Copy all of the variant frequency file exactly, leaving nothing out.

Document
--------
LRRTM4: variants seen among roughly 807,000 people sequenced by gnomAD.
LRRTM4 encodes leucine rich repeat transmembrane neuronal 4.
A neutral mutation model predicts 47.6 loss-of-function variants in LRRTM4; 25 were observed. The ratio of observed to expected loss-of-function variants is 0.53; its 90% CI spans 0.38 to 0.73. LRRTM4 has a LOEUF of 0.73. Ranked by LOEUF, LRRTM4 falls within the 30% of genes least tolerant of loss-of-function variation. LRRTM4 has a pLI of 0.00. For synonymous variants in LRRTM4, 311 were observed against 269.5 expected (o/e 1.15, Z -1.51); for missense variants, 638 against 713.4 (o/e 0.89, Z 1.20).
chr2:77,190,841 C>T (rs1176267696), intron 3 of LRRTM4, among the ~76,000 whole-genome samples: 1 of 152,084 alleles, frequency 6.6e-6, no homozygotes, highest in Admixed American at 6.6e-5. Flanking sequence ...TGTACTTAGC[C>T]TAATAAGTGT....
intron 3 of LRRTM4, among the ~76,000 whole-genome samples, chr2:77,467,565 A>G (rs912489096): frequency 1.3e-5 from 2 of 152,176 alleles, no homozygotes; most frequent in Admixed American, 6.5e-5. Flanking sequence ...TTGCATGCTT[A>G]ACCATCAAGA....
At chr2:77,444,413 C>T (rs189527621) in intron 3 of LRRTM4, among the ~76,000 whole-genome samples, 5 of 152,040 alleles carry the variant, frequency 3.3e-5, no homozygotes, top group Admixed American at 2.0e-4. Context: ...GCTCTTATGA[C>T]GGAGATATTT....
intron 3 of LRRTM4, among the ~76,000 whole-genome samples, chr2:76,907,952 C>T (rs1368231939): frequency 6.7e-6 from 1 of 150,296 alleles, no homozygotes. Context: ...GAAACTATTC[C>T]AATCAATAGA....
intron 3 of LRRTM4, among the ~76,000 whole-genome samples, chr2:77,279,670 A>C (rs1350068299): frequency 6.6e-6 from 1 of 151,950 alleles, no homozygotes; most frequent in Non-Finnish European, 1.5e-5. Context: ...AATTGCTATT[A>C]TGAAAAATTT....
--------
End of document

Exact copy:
LRRTM4: variants seen among roughly 807,000 people sequenced by gnomAD.
LRRTM4 encodes leucine rich repeat transmembrane neuronal 4.
A neutral mutation model predicts 47.6 loss-of-function variants in LRRTM4; 25 were observed. The ratio of observed to expected loss-of-function variants is 0.53; its 90% CI spans 0.38 to 0.73. LRRTM4 has a LOEUF of 0.73. Ranked by LOEUF, LRRTM4 falls within the 30% of genes least tolerant of loss-of-function variation. LRRTM4 has a pLI of 0.00. For synonymous variants in LRRTM4, 311 were observed against 269.5 expected (o/e 1.15, Z -1.51); for missense variants, 638 against 713.4 (o/e 0.89, Z 1.20).
chr2:77,190,841 C>T (rs1176267696), intron 3 of LRRTM4, among the ~76,000 whole-genome samples: 1 of 152,084 alleles, frequency 6.6e-6, no homozygotes, highest in Admixed American at 6.6e-5. Flanking sequence ...TGTACTTAGC[C>T]TAATAAGTGT....
intron 3 of LRRTM4, among the ~76,000 whole-genome samples, chr2:77,467,565 A>G (rs912489096): frequency 1.3e-5 from 2 of 152,176 alleles, no homozygotes; most frequent in Admixed American, 6.5e-5. Flanking sequence ...TTGCATGCTT[A>G]ACCATCAAGA....
At chr2:77,444,413 C>T (rs189527621) in intron 3 of LRRTM4, among the ~76,000 whole-genome samples, 5 of 152,040 alleles carry the variant, frequency 3.3e-5, no homozygotes, top group Admixed American at 2.0e-4. Context: ...GCTCTTATGA[C>T]GGAGATATTT....
intron 3 of LRRTM4, among the ~76,000 whole-genome samples, chr2:76,907,952 C>T (rs1368231939): frequency 6.7e-6 from 1 of 150,296 alleles, no homozygotes. Context: ...GAAACTATTC[C>T]AATCAATAGA....
intron 3 of LRRTM4, among the ~76,000 whole-genome samples, chr2:77,279,670 A>C (rs1350068299): frequency 6.6e-6 from 1 of 151,950 alleles, no homozygotes; most frequent in Non-Finnish European, 1.5e-5. Context: ...AATTGCTATT[A>C]TGAAAAATTT....